DeKalb: Greenhaven cityhood bill remains a long shot


The bill that would authorize a referendum on establishing the city of Greenhaven still hasn’t received a hearing this legislative session, and time is running out. If the legislation is not approved, it would make the fourth consecutive year that the cityhood measure has stalled at the General Assembly.

Rep. Ed Rynders, an Albany Republican who is chairman of the Governmental Affairs Committee, recently provided a glimmer of hope when he told the DeKalb County House Delegation he was open to considering the measure.

Rep. Renitta Shannon, D-Decatur, said Rynders seemed to imply he would allow House Bill 644 to move forward.

“He said that in his committee, as far as he is concerned, he does not look to see if the particular city is a good idea or not,” Shannon said. “He just looks to see whether or not they have met the requirements to move forward, almost like a checking the box sort of thing.”

Rynders’ committee has not put the bill on its agenda, but he said it could happen on Feb. 27. The Feb. 28 deadline for legislation to be approved by at least one chamber is quickly approaching.

Kathryn Rice, the most outspoken proponent for Greenhaven cityhood, said the holdup is in the Senate, where no members have agreed to sponsor a bill. The House bill is backed by Rep. Billy Mitchell, D-Stone Mountain.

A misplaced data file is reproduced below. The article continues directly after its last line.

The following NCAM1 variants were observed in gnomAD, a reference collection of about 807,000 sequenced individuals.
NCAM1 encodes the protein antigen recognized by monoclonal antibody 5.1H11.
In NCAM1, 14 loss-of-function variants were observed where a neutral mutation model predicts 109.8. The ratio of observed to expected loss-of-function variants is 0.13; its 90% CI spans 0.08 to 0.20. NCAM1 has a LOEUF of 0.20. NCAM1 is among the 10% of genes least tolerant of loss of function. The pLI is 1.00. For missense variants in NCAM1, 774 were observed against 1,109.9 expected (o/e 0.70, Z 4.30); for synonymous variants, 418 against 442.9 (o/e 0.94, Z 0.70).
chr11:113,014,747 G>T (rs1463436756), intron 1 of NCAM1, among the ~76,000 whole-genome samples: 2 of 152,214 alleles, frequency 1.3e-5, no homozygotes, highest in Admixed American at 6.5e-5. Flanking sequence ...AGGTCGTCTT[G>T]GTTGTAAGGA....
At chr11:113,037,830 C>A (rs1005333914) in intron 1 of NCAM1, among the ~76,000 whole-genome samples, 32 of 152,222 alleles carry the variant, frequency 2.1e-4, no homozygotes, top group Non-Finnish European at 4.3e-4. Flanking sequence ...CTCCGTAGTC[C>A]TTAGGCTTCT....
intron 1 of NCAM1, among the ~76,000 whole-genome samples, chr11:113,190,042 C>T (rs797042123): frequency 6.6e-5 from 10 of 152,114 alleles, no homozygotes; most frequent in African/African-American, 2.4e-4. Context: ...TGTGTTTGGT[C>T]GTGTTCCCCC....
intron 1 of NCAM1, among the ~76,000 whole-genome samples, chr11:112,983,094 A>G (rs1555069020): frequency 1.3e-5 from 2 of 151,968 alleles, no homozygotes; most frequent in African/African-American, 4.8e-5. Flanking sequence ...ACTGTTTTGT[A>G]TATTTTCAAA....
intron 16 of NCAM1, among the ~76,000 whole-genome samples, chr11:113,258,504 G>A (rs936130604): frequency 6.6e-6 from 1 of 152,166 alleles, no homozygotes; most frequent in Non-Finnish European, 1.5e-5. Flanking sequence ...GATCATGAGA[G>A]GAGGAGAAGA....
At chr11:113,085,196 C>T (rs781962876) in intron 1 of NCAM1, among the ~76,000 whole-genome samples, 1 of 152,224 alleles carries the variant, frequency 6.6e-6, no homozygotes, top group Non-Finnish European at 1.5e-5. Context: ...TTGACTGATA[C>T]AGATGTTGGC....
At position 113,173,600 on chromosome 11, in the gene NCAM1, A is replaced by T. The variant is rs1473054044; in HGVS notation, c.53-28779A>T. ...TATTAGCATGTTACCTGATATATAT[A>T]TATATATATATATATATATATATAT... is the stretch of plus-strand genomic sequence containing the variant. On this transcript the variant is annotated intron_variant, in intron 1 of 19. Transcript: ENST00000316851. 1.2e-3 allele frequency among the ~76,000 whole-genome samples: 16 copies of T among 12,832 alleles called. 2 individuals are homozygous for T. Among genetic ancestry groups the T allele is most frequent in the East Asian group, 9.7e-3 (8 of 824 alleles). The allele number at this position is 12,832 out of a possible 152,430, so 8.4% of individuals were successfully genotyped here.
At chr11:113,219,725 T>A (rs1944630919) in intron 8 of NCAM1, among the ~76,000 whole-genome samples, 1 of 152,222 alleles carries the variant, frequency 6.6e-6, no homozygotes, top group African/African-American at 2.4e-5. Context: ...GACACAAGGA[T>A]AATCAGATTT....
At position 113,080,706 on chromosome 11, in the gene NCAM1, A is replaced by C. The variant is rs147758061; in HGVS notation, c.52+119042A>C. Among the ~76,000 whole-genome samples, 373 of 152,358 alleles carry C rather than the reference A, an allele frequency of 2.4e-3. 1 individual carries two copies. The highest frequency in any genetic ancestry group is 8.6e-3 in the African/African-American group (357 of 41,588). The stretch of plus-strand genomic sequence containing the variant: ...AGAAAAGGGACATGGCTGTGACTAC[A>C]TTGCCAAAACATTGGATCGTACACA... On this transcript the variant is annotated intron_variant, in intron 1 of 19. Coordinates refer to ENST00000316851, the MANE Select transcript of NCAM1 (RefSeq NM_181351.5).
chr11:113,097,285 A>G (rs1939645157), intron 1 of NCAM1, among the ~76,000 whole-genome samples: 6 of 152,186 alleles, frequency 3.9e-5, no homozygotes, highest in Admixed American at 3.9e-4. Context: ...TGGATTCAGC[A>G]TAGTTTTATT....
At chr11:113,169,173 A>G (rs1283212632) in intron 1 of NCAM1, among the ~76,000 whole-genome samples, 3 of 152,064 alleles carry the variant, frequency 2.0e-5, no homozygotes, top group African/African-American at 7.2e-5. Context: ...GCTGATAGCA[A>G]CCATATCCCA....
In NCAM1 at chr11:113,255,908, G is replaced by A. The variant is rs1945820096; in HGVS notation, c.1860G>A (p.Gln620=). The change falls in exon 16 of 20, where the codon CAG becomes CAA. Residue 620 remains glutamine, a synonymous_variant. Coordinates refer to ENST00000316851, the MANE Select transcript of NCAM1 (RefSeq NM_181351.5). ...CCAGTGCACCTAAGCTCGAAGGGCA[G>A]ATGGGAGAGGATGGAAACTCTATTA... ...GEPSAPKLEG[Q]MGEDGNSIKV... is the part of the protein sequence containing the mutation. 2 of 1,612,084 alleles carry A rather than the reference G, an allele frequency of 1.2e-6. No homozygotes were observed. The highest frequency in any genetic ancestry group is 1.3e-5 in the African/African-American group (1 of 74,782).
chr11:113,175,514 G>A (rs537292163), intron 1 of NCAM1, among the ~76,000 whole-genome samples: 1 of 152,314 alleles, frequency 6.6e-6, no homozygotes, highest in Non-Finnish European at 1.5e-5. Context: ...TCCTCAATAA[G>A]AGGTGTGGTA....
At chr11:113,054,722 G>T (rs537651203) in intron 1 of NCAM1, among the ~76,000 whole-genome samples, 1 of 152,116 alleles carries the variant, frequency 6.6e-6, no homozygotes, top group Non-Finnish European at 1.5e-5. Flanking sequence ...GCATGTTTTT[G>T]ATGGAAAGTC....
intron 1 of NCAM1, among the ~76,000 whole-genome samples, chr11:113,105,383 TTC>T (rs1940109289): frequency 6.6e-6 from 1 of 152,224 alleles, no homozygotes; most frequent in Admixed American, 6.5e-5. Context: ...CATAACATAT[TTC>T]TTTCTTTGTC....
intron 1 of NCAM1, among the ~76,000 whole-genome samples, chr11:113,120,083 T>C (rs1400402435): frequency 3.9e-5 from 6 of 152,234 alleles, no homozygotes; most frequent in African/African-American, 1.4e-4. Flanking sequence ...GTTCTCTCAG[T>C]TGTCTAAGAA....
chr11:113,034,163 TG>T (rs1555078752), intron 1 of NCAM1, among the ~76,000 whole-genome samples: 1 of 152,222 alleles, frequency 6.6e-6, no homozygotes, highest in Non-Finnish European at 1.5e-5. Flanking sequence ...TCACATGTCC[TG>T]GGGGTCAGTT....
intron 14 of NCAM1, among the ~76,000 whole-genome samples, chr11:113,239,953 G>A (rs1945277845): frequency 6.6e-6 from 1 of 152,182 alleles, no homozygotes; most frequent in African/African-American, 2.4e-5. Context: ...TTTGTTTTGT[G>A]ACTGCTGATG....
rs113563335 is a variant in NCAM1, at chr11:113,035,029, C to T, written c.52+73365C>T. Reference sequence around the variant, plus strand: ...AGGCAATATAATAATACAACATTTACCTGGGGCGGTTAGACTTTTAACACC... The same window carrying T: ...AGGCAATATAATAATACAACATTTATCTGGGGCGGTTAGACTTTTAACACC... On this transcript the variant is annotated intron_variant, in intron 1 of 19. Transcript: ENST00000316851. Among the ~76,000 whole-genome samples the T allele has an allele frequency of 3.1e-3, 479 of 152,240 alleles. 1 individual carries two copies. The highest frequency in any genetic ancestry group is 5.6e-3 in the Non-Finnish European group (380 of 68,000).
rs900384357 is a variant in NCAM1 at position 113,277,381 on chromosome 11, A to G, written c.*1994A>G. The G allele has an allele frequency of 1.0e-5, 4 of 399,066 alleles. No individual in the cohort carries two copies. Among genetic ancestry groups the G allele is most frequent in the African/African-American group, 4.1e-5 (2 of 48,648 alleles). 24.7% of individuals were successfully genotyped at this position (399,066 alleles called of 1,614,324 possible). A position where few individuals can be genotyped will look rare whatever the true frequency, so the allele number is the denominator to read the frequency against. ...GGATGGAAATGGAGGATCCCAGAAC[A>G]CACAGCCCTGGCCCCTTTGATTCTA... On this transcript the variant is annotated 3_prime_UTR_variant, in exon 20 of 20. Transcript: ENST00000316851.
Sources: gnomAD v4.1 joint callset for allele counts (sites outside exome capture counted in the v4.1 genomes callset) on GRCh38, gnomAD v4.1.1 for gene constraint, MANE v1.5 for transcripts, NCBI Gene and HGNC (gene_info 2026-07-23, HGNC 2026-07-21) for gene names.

Last week, Rice organized a press conference at the Capitol, where she and others begged lawmakers to allow a referendum.

“Some of our legislators have stood firm in saying, by their deliberate inaction, that they will not let us vote, unlike every other cityhood proposal that has come up after us and passed right by us,” Rice told supporters who waved pro-Greenhaven signs.

The Greenhaven bill never came up for a hearing during the legislative sessions in 2015 and 2017. The measure was approved by the Senate in 2016 but later stalled in the House. At the time, some lawmakers said they were concerned about the size of the proposed 300,000-resident city and whether it could offer services without requiring higher taxes.

A group called Neighbors Against Greenhaven has paid for ads in community newspapers. Opponents believe a feasibility study that said Greenhaven would be viable is flawed, and they point out that parcels within the city’s proposed boundary lines have been identified for annexation by other municipalities like Clarkston.

Neighbors Against Greenhaven members attended the press conference at the Capitol and stood on the opposite side of supporters. Some of them scoffed when they heard Rice equate the stalled bill to voter disenfranchisement during the Jim Crow era.

Kevin Polite, who owns property within the Greenhaven boundary lines, said he and others believe cityhood would leave them worse off.

“The majority of the people against this are senior African Americans. This is just a small group that is trying to get power,” he said of the proponents.

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